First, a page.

After last winning promotion to the First Division in 1935, it took Brentford 31,449 days to retake their position in the top tier of English football, when they hosted Arsenal on a balmy night in August 2021 and surprised a worldwide audience of more than a billion fans with a famous victory.

But would the stunning opening night triumph prove to be a false dawn? How would the Bees – Just a Bus Stop in Hounslow, – cope with the challenge of the Premier League where they would face clubs whose resources, squad depth, and quality dwarfed their own? Could a team that began the season without a single player who had started a Premier League match compete on a level playing field? Would Brentford’s revolutionary methods – under charismatic manager Thomas Frank – eye-pleasing play, and tactical nous be enough to ensure Premier League survival?

Written with the full co-operation of the club and including exclusive interviews with players and officials, Just a Bus Stop in Hounslow follows Brentford’s debut season at home – in their beautiful Brentford Community Stadium – and away, as they took on the 2021/22 season.

Detailing matches, rumours, signings and departures – including the arrival and impact of Christian Eriksen – and offering behind-the-scenes information plus historical insights, author Greville Waterman paints a fascinating picture of a club with an indelible bond, connection, and sense of unity with its supporters and local community.

Just a Bus Stop in Hounslow? Absolutely not!


(Publisher: Hawksmoor Publishing. July 2022. Paperback: 400 pages)

2019/20: An Incredible Journey. Match Day 24 (Part 1) – Saturday 22 February 2020: Brentford v Blackburn Rovers

“The BIG Weekend!”

Matchday programme cover

At the beginning of the year Paul and I had started making plans to go and see Brentford at their Griffin Park ground before they moved to their new home, the Brentford Community Stadium. Paul had initially sent me a message confirming that he had bought a ticket and his seat number in the Braemar Road Stand for the Brentford versus Blackburn Rovers game on Saturday 22 February. I was all over the Brentford website in an instant and managed to book the seat next to him. Stage 1 of the plan achieved.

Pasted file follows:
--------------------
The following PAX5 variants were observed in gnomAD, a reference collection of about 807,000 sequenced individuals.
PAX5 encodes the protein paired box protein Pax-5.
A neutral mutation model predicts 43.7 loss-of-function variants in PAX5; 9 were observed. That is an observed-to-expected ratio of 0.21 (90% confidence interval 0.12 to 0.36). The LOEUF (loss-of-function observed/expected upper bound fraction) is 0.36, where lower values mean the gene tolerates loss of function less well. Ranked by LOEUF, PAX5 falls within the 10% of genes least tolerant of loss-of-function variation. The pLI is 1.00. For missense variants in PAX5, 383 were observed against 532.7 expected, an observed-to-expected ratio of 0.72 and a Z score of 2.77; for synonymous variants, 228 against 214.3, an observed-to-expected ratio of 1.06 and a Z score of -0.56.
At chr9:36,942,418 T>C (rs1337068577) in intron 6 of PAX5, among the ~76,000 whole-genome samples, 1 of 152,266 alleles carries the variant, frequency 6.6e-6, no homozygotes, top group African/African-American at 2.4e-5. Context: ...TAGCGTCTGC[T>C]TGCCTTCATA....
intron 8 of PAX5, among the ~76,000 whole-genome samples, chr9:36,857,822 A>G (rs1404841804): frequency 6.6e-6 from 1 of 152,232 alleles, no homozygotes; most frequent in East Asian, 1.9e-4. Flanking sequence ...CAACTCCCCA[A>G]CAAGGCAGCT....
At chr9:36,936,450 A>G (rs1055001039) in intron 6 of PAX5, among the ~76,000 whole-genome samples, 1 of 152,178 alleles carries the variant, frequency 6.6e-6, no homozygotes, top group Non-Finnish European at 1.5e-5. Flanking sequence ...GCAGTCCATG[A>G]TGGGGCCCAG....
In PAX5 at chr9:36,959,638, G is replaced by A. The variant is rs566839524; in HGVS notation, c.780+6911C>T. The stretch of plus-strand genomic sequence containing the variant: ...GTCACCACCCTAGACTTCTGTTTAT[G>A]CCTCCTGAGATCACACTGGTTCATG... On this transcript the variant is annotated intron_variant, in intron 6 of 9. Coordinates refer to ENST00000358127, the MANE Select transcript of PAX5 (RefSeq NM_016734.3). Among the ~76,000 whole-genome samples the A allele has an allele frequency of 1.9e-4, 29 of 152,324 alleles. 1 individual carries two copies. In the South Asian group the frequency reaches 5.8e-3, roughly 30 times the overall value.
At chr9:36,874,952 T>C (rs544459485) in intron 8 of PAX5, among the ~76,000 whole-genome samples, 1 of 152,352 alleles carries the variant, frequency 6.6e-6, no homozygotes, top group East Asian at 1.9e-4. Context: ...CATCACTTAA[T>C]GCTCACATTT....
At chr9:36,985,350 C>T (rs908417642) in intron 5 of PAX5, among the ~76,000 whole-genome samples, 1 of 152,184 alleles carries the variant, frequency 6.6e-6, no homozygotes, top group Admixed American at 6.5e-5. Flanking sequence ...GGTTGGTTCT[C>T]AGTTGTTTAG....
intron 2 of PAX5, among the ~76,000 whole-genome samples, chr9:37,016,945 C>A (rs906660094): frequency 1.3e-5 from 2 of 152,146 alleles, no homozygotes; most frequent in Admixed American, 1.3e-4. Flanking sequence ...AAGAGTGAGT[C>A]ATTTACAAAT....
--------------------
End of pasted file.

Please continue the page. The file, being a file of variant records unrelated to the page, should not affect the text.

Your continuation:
Then Sky TV intervened. The game was selected to be televised so what was a 3.00pm kick off was moved back to 12.30pm. So being the good Project Manager that I am I did a quick SWOT analysis. Strength – the game was still on. Weakness – change of kick-off time, so needed to get to the ground earlier, thankfully I would already be in London, but more of that later. However, Paul had to be able to change his train ticket to get down and across London in time. Opportunity – we could go to more than one game and try to get to a 3.00pm kick off in too. Threat – transport between games. However, I had arranged to take my car to London for the weekend. Good contingency planning and mitigation!

So which other game could we attend? The following were all considered at some stage in our conversation.

  • Leyton Orient, Millwall and along with Griffin Park, were grounds in the capital I hadn’t attended. I have been pretty much to all the other grounds in London primarily following Chelsea including stadiums no longer used, such as Highbury, White Hart Lane, and Plough Lane. I’ve also attended games at both the old and new Wembley, but still had to visit the Emirates Stadium and the Tottenham Hotspur Stadium. In addition, I hadn’t visited Kingsmeadow, the home of AFC Wimbledon’s. On the Saturday of the Brentford fixture, The O’s (Leyton Orient) and The Dons (AFC Wimbledon) were both at home.
  • Harking back to my desire to watch on this journey previous FA Cup winners from the end of the 19th Century. The following teams still existed and had teams playing in the London area, however playing at a much lower level than the 10th tier of the football pyramid that AFC Darwen (whose forerunners Darwen FC who had featured in Netflix’s The English Game drama series). These included, Wanderers who play in the Surrey South Eastern Combination, Clapham Rovers of the Southern Sunday Football League, and Old Carthusians plying their trade in the Arthurian League.
  • There was also the option of non-league teams with Bromley, Dagenham & Redbridge, Sutton United, Welling United and Wealdstone all at home in the National League.

So what did we decide? All will be revealed in Part 2 of Match Day 24!

Griffin Park

This was to be Brentford’s final season at Griffin Park, and they would be starting the 2020/21 season in their new Community Stadium. Chelsea haven’t played at Griffin Park in the League since 1947 with their last visit in the FA Cup in January 2013. Whilst I was living in London, I was going to Chelsea home games and primarily only their away games with the capital. However, I have travelled further afield in my time following The Blues. I think my longest journey has been from London to Grimsby to see them promoted as Champions of the old Second Division (now the Championship). My only tenuous connection to Brentford was that I did play cricket in Hounslow and Griffin Park was the closest football club, and I didn’t have any friends who support The Bees.